The International Community hopes that the Taliban will change their approach of ruling and the Taliban dream for recognition without a single effort to adapt and cope with the realities of time that are nothing more than remaining committed to respecting human rights.
On August 15, 2021, Taliban fighters controversially defeated Afghanistan’s National Security and Defense Forces (ANSDF), a much larger force both in its size and combat capabilities. The US army had spent hundreds of billions of US dollars to build, equip, train and sustain Afghanistan’s forces during the past 20 years, but how an army equipped with the most modern technology could be defeated by a group of militants is still a matter to question that will possibly be answered in the future. However, the indigenous forces’ incompetency and incapability to hold off the Taliban fighters, as the group set out a large-scale campaign throughout Afghanistan and began capturing districts and major cities, proved to be one of the most disastrous incidents in contemporary history of Afghanistan. The Taliban’s dominance in Afghanistan has severe consequences not only in military and political arenas but also in cultural-economic spheres.
With the final withdrawal of the US and its NATO allies from Afghanistan and the Taliban’s takeover of the country, Afghanistan’s defenseless civilians were left to the mercy of the world’s most notorious terrorist group. The Taliban is, in fact, the first who carried out suicide attacks, particularly on civilians, even before extremists in the Middle East and Al-Qaeda affiliates. Taliban fighters are suspected of committing the worst atrocities, and even ethnic cleansing and genocide in modern-day history. Taliban’s affiliated suicide squads carried out hundreds of deadly attacks on civilian infrastructures, killing wrestlers, worshipers, students, schoolgirls, and even infants in maternity wards. Therefore, they have been hostile to the people of Afghanistan, not only to the governments in the country. Despite taking the lead in the country, the militants still terrorize the people. They have continued the hostilities with the people for enforcing certain baseless restrictions using religious arguments. The ignorance of International Community toward the recent inhuman acts of the Taliban concerning humiliation of human rights and restrictions being imposed by this group indicate that it really does not matter for the world that who rules in Afghanistan. It is the defenseless people of Afghanistan that will pay the price of political game being played in the region, but Afghanistan’s people will never pledge allegiance to a group that is well-known for its undisputed enmity to the fabric of the society and has conducted several hundreds of suicide attacks on their fellow countrymen.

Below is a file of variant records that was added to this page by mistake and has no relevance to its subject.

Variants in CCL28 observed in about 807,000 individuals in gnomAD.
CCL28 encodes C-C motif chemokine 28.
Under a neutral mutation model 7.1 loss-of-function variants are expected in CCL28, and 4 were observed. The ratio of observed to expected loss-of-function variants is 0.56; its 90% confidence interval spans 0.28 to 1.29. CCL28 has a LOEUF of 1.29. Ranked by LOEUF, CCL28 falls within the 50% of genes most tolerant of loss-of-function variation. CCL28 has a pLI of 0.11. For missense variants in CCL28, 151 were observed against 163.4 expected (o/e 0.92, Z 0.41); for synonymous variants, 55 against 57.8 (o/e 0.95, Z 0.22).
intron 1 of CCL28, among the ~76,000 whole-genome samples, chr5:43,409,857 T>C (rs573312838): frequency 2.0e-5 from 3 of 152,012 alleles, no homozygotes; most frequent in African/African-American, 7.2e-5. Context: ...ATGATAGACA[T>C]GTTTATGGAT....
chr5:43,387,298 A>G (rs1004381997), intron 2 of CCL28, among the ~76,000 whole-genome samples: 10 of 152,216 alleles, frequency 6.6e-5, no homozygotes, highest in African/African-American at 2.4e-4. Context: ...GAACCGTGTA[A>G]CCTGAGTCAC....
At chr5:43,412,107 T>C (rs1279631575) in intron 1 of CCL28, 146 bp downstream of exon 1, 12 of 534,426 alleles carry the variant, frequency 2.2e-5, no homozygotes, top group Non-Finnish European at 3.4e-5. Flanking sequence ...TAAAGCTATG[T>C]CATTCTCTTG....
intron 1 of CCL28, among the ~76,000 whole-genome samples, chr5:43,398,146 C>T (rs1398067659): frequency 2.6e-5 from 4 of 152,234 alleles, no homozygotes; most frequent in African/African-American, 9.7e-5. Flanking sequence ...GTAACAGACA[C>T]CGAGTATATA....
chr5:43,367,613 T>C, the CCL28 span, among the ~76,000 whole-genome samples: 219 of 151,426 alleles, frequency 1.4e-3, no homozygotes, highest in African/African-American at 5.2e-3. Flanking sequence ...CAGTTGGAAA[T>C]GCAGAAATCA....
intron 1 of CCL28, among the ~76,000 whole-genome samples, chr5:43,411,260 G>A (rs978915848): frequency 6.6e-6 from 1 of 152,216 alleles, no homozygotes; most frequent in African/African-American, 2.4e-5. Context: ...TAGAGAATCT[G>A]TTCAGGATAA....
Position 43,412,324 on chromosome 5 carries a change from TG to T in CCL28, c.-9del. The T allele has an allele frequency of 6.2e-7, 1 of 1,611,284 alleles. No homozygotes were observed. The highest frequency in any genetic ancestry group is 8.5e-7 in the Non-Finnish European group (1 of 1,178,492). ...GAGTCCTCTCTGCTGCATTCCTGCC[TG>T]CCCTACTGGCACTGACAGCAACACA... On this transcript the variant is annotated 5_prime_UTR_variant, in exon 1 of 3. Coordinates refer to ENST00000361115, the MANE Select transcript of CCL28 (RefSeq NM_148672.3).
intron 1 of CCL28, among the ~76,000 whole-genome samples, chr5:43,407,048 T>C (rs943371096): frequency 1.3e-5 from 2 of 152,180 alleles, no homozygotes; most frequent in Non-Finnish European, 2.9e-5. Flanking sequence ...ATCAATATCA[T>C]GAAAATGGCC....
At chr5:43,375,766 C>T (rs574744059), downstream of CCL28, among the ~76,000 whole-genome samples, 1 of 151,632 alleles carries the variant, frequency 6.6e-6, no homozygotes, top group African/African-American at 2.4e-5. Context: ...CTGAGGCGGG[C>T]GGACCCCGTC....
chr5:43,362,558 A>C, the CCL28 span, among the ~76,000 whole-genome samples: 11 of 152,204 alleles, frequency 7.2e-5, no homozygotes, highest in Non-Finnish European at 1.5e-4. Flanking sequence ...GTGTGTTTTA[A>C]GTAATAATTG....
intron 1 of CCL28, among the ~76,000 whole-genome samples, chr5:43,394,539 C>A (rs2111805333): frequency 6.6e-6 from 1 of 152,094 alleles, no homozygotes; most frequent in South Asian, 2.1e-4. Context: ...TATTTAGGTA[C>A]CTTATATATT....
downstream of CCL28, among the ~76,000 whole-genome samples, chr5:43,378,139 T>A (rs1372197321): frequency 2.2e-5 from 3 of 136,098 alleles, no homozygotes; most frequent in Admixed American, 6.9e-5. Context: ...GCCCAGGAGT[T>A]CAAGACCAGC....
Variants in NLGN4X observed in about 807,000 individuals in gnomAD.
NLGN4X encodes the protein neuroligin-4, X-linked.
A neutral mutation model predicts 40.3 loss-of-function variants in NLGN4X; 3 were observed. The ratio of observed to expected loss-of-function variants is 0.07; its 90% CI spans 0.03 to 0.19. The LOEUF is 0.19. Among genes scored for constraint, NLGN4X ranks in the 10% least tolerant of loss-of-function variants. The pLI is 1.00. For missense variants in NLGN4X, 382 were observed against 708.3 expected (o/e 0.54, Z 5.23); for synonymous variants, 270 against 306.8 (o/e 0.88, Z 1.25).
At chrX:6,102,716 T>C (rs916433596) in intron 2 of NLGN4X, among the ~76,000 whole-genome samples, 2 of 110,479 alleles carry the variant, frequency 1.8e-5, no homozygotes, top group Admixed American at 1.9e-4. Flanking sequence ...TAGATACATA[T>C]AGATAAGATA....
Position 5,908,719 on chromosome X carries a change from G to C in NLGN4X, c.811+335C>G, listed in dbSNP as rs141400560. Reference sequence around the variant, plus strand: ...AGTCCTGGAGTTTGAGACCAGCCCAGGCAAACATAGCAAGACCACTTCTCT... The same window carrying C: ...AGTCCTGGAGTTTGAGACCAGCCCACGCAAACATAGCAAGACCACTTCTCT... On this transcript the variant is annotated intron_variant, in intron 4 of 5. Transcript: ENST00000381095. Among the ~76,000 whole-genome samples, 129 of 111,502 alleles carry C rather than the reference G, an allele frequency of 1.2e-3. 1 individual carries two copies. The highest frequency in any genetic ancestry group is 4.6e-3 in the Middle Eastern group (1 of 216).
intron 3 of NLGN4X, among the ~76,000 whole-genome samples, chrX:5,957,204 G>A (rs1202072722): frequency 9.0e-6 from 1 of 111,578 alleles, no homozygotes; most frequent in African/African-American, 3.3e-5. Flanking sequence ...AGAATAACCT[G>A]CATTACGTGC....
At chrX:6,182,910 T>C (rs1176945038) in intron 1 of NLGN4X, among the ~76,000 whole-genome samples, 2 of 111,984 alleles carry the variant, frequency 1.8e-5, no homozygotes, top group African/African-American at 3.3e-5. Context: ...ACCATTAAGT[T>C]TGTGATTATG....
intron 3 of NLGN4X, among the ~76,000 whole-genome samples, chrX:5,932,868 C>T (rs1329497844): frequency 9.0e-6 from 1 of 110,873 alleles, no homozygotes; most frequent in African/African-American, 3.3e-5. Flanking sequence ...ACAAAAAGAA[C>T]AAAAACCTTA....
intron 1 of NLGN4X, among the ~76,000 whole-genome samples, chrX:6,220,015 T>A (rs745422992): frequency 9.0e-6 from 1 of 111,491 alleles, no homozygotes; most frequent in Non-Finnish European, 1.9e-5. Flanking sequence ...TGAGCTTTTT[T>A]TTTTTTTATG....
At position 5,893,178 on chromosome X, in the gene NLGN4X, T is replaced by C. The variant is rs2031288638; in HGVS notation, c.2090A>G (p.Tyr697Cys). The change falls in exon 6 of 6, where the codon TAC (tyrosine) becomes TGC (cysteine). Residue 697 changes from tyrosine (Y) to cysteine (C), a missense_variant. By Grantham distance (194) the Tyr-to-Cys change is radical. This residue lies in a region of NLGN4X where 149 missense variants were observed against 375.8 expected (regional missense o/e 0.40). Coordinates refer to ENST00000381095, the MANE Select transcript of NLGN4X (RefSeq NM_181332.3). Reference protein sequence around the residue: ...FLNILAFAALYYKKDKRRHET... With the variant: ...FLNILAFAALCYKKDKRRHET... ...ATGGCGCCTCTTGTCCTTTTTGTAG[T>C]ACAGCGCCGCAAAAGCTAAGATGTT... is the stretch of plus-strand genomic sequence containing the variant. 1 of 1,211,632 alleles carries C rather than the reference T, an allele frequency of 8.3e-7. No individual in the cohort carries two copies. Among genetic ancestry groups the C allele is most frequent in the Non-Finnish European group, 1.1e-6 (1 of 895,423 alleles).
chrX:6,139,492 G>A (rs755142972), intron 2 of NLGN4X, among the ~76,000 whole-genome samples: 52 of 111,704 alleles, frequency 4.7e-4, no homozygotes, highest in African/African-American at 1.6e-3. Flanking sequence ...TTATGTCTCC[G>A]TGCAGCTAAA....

The Taliban’s military dominance in Afghanistan is equivalent to the group’s ideological dominance in the country. Legitimizing the Taliban government is abiding by their restrictive decrees, and accepting that the Taliban can adjust not only their political affairs, but also the peoples’ economic, personal and cultural affairs. The Taliban want and always wanted the people to ideologically surrender to them. They want the people to adjust their clothing, culture and lifestyle. For this reason, the Taliban will face major challenges in gaining political legitimacy in Afghanistan, and consequently, international recognition.
But how did a terror group overthrow a government that was being backed by NATO forces in the past 20 years is still a matter of question.
Betrayal and Escape